I'm not a great reader of biographies. I focus mainly on fiction. However, over the past year I've had a chance to read three biographies, and Every Love Story Is a Ghost Story was middle of the road among them. Of course I read this because of my love for David Foster Wallace, the man who with every written sentence simultaneously makes me want to strive to be a better writer, myself, and give up altogether. Confession: I still, to this day, have not finished Infinite Jest. The furthest (deepest?) I've ever gotten through is a couple hundred pages. But I've read just about everything else he's written. (Okay, haven't read The Pale King, but I'm not sure I want to read his unfinished final opus. Time will tell.)

So what can I say about D.T. Max's attempt to chronicle DFW's life? It was fair, I think. He seemed to try to emulate some of DFW's stylistic choices (starting the book with a self-referential post-modern sentence, frequent [and vigorous] use of end notes, etc.) while not emulating his actual style at all. The prose was simple, inelegant, efficient, standard. The complete opposite of DFW's prose. Yet, I wasn't looking for a DFW knock-off. I just wanted to read about the man's life. Max provided that.

I think he balanced inner struggles well with outward struggles. He moved through chapters at an even pace, mostly. (If there was one area where he lingered too long it was around DFW's agonizing "Westward" story, but in context, seeing as it was the precursor to IJ, I can see why Max choose to do that.) I appreciated that he didn't dwell too long on the depression. I certainly appreciated that the suicide (and surrounding medication lapses) occupied only the last 5 pages. Was there more to that episode? Bloody hell, I'm sure there was. But I didn't need any more than Max gave me. Heartbreaking as it was, I will be forever grateful to Max for keeping that concise.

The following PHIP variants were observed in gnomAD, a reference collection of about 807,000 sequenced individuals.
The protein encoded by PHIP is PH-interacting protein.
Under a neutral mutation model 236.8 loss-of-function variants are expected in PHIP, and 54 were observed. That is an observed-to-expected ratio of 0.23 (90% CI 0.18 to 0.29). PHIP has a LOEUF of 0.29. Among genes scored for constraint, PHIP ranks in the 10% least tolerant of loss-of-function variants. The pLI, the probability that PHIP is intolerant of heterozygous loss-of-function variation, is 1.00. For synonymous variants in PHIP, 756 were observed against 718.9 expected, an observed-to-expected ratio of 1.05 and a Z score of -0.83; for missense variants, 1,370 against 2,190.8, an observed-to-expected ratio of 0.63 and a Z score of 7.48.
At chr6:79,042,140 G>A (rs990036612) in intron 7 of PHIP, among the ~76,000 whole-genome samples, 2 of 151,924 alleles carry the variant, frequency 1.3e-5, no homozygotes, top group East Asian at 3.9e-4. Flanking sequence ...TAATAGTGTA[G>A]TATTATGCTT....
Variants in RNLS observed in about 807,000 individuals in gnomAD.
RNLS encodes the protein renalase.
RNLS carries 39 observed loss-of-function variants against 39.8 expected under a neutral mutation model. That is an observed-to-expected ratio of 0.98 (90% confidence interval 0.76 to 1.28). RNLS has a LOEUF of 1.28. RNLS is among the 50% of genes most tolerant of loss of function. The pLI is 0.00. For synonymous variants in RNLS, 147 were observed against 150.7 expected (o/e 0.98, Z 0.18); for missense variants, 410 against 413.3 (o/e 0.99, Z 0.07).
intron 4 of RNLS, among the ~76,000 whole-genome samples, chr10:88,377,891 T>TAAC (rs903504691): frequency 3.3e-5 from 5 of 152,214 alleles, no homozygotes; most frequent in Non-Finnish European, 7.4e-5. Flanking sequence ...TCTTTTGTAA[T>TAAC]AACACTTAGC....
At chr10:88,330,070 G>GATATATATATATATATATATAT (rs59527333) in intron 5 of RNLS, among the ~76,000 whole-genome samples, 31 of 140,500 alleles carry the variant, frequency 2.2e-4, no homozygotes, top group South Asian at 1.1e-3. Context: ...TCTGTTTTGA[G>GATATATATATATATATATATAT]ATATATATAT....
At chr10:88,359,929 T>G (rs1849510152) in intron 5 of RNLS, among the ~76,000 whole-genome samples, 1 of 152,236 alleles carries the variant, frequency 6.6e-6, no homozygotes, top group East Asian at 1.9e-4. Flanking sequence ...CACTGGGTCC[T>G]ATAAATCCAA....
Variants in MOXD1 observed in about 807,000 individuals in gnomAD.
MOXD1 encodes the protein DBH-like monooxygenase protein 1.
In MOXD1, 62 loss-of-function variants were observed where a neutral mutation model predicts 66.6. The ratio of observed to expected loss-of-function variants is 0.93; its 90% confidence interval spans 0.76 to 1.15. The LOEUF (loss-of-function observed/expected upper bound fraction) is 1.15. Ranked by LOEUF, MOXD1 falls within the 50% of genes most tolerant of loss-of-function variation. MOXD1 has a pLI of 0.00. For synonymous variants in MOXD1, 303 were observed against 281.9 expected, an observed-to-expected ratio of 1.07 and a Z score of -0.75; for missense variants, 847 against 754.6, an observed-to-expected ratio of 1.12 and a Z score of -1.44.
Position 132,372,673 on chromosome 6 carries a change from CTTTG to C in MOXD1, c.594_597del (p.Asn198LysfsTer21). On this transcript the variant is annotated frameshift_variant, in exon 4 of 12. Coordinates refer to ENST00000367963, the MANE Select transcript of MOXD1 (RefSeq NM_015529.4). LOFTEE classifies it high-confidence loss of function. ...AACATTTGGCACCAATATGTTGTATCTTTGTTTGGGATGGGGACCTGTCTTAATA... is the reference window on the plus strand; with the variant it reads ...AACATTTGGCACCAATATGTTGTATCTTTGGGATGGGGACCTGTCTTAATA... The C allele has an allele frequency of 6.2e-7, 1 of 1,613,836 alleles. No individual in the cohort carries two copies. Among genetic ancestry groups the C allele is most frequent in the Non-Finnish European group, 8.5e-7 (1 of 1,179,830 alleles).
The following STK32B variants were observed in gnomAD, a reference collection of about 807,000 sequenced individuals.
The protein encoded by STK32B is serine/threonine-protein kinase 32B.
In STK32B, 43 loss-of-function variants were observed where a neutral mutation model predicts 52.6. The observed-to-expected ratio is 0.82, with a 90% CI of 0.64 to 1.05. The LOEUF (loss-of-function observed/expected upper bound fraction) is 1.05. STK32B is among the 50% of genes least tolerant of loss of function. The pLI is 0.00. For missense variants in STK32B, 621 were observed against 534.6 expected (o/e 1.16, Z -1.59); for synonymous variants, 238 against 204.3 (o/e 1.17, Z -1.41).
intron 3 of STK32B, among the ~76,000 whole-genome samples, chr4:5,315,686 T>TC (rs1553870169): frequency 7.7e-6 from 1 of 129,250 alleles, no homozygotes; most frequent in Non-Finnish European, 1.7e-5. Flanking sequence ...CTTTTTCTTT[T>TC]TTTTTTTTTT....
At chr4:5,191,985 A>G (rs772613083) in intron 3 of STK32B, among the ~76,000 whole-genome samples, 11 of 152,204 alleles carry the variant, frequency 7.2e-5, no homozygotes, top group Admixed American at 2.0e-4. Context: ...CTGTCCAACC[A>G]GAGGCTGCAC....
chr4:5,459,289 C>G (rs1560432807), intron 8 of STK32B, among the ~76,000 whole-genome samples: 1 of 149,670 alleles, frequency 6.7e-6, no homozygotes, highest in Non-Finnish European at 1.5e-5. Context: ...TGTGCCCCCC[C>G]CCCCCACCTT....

Yes, I'm glad I read this, and I would recommend it to any DFW fan. If nothing else, you will come away knowing the difference between nauseous and nauseated.

P.S. I highlighted some of DFW's favorite reading that he said either influenced him or he really appreciated, listed below in roughly the order they appear in the book:

Donald Barthelme's "The Balloon"
Thomas Pynchon - The Crying of Lot 49
Frank Norris - McTeague
T.S. Eliot's "The Waste Land"
Jacques Derrida's essays: "The Double Session" and "Plato's Pharmacy"
Don Delillo - Ratner's Star
William Gass - Omensetter's Luck
John Barth - Lost in the Funhouse
Jonathan Franzen - The Twenty-Seventh City
William Gaddis - The Recognitions
William Vollmann - The Rainbow Stories
Mark Leyner - My Cousin, My Gastroenterologist
Jerzy Kosinski - Steps ( )
  invisiblelizard | Apr 6, 2013 |
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Amazon.com Amazon.com Review (ISBN 0670025925, Hardcover)

Visit Amazon's books blog, Omnivoracious.com, to read an exclusive essay from D.T. Max: "5 Things You Didn't Know About David Foster Wallace - But Should."

(retrieved from Amazon Thu, 12 Mar 2015 18:08:49 -0400)

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"The first biography of the renowned American author David Foster Wallace. Wallace was on of the most innovative and influential authors of the last twenty-five years. A writer whose distinctive style and example had a huge impact on the culture and helped give meaning to his generation in a disorienting, distressing time. In this first in-depth biography, journalist D.T. Max captures Wallace's compelling, turbulent life and times--his genius, his struggle to stay sane and happy in a difficult world, his anxiety and loneliness--as well as why he mattered as a writer and a human being"--… (more)